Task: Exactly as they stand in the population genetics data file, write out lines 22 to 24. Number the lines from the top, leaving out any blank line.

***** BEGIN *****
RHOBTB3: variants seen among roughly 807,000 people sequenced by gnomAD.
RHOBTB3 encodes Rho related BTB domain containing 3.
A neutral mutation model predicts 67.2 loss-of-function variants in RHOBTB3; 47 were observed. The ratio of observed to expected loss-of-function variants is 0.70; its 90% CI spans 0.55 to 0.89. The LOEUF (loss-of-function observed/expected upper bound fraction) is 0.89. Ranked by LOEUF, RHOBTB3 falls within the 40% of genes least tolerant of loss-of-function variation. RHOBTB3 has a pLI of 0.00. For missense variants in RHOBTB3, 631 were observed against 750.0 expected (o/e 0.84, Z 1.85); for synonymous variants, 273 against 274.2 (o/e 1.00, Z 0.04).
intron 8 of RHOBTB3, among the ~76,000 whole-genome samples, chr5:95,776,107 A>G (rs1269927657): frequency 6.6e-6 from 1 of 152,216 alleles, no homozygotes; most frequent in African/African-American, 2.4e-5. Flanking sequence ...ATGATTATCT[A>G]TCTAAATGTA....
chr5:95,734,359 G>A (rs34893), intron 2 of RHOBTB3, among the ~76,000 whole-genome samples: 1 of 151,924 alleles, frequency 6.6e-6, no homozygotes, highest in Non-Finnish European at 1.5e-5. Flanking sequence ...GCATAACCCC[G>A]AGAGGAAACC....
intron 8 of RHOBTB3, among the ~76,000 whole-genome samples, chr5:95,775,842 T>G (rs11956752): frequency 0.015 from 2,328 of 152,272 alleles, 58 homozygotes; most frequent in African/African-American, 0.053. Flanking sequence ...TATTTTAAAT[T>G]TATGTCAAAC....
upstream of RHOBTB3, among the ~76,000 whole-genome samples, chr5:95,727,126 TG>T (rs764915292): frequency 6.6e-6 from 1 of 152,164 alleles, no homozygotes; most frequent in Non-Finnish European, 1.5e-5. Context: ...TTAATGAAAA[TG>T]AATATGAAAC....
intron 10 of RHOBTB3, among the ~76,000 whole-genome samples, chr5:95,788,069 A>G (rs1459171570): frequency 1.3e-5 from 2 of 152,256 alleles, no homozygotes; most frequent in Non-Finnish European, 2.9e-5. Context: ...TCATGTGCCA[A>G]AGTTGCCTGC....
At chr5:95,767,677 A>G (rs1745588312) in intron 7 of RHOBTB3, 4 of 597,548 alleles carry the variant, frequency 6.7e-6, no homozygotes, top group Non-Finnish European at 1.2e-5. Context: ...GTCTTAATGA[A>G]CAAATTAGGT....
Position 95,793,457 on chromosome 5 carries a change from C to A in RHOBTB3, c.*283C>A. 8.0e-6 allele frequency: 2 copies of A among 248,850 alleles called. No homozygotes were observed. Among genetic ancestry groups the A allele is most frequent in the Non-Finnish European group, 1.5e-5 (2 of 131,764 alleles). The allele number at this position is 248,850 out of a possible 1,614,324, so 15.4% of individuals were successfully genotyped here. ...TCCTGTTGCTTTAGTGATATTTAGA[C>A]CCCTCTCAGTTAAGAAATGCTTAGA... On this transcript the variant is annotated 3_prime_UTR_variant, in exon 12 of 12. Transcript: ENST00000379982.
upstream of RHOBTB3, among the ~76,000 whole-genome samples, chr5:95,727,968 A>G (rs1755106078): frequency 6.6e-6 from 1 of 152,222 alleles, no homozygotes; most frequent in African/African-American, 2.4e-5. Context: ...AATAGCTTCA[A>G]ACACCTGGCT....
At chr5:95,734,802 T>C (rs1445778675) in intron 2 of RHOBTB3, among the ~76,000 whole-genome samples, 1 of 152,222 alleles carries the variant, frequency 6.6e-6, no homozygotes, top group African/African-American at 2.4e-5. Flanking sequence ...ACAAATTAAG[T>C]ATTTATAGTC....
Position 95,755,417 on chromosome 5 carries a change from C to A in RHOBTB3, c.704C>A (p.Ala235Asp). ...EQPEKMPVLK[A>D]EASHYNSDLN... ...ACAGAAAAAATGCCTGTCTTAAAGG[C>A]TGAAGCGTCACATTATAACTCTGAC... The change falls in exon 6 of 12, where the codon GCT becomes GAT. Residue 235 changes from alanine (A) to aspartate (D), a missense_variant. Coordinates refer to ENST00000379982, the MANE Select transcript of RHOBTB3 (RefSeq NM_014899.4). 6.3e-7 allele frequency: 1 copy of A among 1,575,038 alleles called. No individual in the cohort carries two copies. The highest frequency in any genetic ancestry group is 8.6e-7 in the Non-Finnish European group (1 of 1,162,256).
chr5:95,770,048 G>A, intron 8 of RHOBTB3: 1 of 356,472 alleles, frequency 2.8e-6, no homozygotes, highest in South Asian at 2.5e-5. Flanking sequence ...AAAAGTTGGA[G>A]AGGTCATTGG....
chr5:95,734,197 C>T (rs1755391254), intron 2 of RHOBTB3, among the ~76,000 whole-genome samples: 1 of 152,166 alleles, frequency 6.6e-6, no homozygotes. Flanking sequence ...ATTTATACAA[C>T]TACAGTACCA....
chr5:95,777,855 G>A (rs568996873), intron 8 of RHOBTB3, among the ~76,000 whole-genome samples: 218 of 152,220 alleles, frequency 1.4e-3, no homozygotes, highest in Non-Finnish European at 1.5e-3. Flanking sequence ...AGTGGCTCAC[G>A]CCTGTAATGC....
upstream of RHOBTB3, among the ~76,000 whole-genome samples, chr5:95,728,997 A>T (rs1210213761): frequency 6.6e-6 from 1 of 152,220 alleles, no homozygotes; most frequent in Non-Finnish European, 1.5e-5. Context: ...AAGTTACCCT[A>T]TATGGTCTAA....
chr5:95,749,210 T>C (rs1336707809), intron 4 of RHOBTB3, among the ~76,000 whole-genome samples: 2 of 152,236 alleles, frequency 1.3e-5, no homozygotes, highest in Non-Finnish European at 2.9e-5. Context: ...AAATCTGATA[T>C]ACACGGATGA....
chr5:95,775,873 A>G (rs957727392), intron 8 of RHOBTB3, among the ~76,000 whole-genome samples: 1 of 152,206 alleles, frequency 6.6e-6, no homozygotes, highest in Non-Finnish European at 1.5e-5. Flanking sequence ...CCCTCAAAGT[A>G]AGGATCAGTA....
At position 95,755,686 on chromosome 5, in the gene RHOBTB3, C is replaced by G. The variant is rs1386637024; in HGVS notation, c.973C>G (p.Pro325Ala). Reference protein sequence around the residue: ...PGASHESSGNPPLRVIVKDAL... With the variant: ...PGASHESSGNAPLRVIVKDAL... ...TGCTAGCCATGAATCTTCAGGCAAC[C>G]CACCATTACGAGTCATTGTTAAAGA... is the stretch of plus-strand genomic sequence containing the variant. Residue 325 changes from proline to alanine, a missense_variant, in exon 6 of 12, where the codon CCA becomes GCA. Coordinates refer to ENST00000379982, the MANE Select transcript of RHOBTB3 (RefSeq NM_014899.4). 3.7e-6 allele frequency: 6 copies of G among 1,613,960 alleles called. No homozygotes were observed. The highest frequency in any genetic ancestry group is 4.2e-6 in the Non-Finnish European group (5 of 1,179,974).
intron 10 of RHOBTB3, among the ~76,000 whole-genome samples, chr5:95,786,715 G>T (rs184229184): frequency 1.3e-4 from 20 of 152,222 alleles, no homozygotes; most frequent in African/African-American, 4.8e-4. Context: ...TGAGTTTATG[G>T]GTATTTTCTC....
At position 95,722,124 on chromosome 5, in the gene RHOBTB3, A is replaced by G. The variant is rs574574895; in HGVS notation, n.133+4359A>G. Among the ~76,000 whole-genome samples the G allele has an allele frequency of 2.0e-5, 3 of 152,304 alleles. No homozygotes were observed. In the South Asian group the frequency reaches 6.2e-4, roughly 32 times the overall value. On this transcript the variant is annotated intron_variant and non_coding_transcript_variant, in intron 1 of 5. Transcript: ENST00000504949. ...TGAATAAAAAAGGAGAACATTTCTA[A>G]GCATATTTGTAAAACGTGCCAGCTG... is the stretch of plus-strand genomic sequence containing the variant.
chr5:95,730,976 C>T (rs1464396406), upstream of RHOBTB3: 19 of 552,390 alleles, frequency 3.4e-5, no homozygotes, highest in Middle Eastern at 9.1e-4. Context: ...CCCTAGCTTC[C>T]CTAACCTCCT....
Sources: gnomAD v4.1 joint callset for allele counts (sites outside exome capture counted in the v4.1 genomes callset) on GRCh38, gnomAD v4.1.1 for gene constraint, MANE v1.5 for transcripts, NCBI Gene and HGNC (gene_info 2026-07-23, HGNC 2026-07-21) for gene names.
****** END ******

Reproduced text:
At position 95,722,124 on chromosome 5, in the gene RHOBTB3, A is replaced by G. The variant is rs574574895; in HGVS notation, n.133+4359A>G. Among the ~76,000 whole-genome samples the G allele has an allele frequency of 2.0e-5, 3 of 152,304 alleles. No homozygotes were observed. In the South Asian group the frequency reaches 6.2e-4, roughly 32 times the overall value. On this transcript the variant is annotated intron_variant and non_coding_transcript_variant, in intron 1 of 5. Transcript: ENST00000504949. ...TGAATAAAAAAGGAGAACATTTCTA[A>G]GCATATTTGTAAAACGTGCCAGCTG... is the stretch of plus-strand genomic sequence containing the variant.
chr5:95,730,976 C>T (rs1464396406), upstream of RHOBTB3: 19 of 552,390 alleles, frequency 3.4e-5, no homozygotes, highest in Middle Eastern at 9.1e-4. Context: ...CCCTAGCTTC[C>T]CTAACCTCCT....
Sources: gnomAD v4.1 joint callset for allele counts (sites outside exome capture counted in the v4.1 genomes callset) on GRCh38, gnomAD v4.1.1 for gene constraint, MANE v1.5 for transcripts, NCBI Gene and HGNC (gene_info 2026-07-23, HGNC 2026-07-21) for gene names.